The 3RF highlights that support for reconstruction, i.e., investment priorities identified under track 2, should be conditional to satisfactory reform progress. This is why track 2 includes a set of reforms and institutional measures. What constitutes satisfactory reform progress and which reforms should serve as ex-ante conditionalities should be determined by the policy dialogue between the international community and the government in close consultation with civil society. 

5. What are the estimated costs of recovery presented under the 3RF?

The 3RF estimates the priority needs of the people-centered recovery track in the amount of US$584 million, of which US$426 million are needed for the first year. The costs for the reform and reconstruction track are estimated at US$2 billion. The widespread damage and large reconstruction needs will require mobilizing a mix of public and private resources through public-private partnerships.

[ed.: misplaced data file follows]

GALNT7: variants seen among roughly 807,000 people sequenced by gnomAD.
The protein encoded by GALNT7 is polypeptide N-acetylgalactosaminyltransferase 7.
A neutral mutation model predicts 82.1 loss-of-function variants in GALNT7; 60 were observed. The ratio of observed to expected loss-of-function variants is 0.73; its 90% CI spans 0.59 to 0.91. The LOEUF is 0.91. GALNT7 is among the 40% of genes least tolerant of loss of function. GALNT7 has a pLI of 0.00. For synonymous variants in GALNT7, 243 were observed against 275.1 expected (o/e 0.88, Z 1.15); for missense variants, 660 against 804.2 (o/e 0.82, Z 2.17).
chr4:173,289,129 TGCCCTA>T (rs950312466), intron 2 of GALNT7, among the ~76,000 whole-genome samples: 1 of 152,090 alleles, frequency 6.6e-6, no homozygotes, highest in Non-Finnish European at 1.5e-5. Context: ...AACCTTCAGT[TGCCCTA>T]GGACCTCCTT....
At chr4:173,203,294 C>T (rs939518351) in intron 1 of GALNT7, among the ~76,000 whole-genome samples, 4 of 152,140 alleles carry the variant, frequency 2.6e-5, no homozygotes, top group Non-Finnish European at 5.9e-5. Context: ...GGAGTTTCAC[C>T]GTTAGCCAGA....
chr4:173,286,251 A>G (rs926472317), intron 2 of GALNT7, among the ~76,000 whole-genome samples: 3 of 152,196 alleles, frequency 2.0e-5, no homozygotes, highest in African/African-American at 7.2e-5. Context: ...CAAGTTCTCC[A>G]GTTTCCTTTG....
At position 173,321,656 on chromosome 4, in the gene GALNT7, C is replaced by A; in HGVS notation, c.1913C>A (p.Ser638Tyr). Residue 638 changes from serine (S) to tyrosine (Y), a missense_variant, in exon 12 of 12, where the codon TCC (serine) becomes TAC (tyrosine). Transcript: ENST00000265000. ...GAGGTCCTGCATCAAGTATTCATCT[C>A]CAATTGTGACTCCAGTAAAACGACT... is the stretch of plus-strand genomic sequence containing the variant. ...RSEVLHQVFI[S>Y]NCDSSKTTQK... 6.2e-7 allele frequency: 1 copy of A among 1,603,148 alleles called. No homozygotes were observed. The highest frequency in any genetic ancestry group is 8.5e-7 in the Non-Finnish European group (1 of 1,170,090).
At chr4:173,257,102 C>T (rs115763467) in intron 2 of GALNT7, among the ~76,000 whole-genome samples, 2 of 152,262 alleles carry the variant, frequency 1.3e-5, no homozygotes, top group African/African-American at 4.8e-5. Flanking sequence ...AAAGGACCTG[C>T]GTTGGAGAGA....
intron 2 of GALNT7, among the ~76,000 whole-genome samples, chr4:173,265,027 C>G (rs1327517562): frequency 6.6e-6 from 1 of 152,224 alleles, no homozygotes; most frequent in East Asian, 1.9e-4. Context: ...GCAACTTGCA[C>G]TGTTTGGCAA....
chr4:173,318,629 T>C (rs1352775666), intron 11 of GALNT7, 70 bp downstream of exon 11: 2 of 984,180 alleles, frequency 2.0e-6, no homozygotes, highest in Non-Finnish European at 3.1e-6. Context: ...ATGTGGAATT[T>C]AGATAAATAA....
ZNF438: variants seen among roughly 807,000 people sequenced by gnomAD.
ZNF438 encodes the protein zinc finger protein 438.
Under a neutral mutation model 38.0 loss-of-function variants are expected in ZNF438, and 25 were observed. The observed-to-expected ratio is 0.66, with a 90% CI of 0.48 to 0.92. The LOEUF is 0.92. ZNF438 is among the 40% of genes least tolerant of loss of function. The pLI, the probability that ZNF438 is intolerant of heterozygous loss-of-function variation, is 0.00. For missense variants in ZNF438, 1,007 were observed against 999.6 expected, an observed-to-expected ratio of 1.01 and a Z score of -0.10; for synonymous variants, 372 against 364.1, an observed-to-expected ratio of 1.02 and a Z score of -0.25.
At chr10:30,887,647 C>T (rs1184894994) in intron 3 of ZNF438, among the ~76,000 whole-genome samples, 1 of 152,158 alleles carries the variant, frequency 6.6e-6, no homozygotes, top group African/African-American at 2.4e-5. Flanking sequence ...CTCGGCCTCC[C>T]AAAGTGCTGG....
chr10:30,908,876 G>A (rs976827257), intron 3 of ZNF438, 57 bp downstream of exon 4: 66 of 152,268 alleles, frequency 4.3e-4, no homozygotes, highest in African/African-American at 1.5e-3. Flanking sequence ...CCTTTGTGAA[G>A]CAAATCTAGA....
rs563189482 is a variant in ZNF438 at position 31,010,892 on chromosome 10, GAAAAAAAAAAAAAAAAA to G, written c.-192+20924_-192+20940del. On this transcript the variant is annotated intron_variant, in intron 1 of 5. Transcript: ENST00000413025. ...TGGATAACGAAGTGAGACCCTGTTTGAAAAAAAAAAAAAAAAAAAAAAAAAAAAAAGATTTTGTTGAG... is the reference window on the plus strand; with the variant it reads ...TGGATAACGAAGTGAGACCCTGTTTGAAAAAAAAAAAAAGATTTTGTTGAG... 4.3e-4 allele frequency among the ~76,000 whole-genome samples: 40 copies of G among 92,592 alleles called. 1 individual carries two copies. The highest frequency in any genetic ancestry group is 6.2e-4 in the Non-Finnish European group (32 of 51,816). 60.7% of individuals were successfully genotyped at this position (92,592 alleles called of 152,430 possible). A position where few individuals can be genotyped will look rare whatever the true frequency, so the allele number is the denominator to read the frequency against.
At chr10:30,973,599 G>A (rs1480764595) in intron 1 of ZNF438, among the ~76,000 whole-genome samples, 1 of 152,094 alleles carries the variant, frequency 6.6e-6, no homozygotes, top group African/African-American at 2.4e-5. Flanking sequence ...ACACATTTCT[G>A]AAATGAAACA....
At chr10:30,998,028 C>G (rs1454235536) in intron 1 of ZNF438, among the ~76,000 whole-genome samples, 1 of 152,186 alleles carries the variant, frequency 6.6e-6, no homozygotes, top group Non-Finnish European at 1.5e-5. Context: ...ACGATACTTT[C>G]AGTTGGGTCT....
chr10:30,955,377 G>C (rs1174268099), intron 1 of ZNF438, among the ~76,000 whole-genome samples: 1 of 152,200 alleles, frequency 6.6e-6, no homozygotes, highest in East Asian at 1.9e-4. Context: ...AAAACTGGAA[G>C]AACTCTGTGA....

Track 1:

People-Centered Recovery


Track 2:

Reforms and Reconstruction


Pillar 1:

Improving Governance and Accountability



Pillar 2:

Jobs and Economic Opportunities



Pillar 3:

Social Protection, Inclusion and Culture




Pillar 4:

Improving Services and Infrastructure






6. How does the 3RF link to other development challenges/crises the country faces? How does it link to other strategies or development frameworks?